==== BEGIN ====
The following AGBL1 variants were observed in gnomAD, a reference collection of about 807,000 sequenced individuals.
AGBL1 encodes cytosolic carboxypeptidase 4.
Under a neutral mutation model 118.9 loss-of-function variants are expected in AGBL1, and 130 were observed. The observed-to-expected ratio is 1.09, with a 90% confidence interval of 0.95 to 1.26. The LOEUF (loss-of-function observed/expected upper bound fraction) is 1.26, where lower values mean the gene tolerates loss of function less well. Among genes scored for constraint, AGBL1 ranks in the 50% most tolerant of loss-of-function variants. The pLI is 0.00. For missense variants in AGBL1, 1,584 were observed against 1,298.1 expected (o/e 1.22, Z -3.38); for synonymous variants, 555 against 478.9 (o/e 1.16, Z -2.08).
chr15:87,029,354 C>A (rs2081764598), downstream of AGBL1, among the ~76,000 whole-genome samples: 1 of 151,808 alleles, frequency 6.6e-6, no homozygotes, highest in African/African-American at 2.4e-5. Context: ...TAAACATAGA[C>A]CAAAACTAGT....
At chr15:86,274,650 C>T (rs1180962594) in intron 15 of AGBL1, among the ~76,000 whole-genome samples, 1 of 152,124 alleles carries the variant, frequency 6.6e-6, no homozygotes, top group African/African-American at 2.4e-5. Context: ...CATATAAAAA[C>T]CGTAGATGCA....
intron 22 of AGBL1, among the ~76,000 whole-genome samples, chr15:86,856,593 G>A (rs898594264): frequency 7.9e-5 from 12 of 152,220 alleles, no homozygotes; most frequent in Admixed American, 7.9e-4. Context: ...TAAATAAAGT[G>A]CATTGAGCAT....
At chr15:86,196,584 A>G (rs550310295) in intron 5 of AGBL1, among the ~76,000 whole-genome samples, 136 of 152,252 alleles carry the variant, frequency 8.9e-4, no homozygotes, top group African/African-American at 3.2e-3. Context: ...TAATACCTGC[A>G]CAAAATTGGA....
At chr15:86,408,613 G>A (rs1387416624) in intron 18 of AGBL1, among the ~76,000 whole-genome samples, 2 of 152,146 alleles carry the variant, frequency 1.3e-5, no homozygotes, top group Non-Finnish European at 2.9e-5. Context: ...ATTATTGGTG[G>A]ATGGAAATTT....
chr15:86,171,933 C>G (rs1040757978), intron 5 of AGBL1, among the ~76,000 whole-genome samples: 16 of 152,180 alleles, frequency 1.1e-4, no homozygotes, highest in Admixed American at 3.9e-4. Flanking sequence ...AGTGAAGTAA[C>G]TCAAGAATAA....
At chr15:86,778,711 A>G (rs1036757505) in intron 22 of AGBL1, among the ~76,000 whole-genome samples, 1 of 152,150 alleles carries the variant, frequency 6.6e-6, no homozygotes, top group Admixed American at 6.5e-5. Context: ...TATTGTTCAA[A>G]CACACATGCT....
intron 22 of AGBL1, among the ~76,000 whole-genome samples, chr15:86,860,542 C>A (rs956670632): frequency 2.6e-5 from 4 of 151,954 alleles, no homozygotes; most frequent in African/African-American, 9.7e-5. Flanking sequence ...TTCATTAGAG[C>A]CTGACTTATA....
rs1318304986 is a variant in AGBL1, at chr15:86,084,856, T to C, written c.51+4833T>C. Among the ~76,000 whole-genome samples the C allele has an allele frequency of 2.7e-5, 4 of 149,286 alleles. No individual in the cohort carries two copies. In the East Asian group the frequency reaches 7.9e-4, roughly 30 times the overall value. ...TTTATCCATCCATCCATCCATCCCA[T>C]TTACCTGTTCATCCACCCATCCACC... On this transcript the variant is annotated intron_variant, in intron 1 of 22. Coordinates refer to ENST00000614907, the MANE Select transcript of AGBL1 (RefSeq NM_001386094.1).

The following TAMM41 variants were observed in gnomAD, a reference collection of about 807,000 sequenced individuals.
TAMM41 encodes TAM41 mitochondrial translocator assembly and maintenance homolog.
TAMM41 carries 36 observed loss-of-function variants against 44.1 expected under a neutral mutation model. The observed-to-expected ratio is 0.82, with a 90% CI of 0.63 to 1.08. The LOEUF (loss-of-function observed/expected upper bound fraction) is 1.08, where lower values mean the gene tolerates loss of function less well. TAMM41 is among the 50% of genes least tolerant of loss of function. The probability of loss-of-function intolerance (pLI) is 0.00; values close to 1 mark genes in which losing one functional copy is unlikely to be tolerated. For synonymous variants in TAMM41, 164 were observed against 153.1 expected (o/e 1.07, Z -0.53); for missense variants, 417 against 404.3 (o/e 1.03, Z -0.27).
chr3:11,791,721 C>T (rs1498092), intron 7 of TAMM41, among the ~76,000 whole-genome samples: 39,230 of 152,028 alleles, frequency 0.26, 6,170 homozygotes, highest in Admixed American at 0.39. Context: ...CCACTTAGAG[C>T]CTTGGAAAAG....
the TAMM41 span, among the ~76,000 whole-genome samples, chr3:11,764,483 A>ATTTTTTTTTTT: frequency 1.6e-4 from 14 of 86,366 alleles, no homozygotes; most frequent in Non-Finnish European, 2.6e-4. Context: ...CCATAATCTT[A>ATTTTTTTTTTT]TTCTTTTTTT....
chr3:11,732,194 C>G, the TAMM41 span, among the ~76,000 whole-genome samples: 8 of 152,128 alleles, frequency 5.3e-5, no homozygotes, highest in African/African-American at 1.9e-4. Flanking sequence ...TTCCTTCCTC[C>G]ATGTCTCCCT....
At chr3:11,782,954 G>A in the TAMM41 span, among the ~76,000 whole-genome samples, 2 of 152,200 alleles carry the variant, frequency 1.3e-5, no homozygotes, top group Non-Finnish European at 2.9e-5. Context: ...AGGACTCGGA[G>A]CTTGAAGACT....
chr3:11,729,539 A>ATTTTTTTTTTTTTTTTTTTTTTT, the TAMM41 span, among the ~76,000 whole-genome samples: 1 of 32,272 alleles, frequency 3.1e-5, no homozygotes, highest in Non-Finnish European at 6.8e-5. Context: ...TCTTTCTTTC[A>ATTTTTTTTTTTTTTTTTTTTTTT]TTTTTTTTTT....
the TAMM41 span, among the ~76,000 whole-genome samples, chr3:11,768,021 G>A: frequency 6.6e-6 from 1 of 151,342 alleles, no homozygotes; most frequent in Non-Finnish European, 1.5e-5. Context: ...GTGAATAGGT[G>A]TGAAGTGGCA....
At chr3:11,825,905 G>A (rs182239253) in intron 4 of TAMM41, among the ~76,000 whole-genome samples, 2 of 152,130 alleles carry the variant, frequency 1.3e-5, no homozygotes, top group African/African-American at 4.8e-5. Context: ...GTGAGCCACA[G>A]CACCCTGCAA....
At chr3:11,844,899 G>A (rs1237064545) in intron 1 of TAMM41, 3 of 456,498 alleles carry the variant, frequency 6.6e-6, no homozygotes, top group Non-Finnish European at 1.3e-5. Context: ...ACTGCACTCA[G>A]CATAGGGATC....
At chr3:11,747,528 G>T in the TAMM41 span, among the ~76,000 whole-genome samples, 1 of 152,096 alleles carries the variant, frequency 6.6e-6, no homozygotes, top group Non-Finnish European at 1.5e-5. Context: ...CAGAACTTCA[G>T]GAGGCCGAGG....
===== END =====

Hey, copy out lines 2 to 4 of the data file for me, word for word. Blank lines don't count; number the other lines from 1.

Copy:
AGBL1 encodes cytosolic carboxypeptidase 4.
Under a neutral mutation model 118.9 loss-of-function variants are expected in AGBL1, and 130 were observed. The observed-to-expected ratio is 1.09, with a 90% confidence interval of 0.95 to 1.26. The LOEUF (loss-of-function observed/expected upper bound fraction) is 1.26, where lower values mean the gene tolerates loss of function less well. Among genes scored for constraint, AGBL1 ranks in the 50% most tolerant of loss-of-function variants. The pLI is 0.00. For missense variants in AGBL1, 1,584 were observed against 1,298.1 expected (o/e 1.22, Z -3.38); for synonymous variants, 555 against 478.9 (o/e 1.16, Z -2.08).
chr15:87,029,354 C>A (rs2081764598), downstream of AGBL1, among the ~76,000 whole-genome samples: 1 of 151,808 alleles, frequency 6.6e-6, no homozygotes, highest in African/African-American at 2.4e-5. Context: ...TAAACATAGA[C>A]CAAAACTAGT....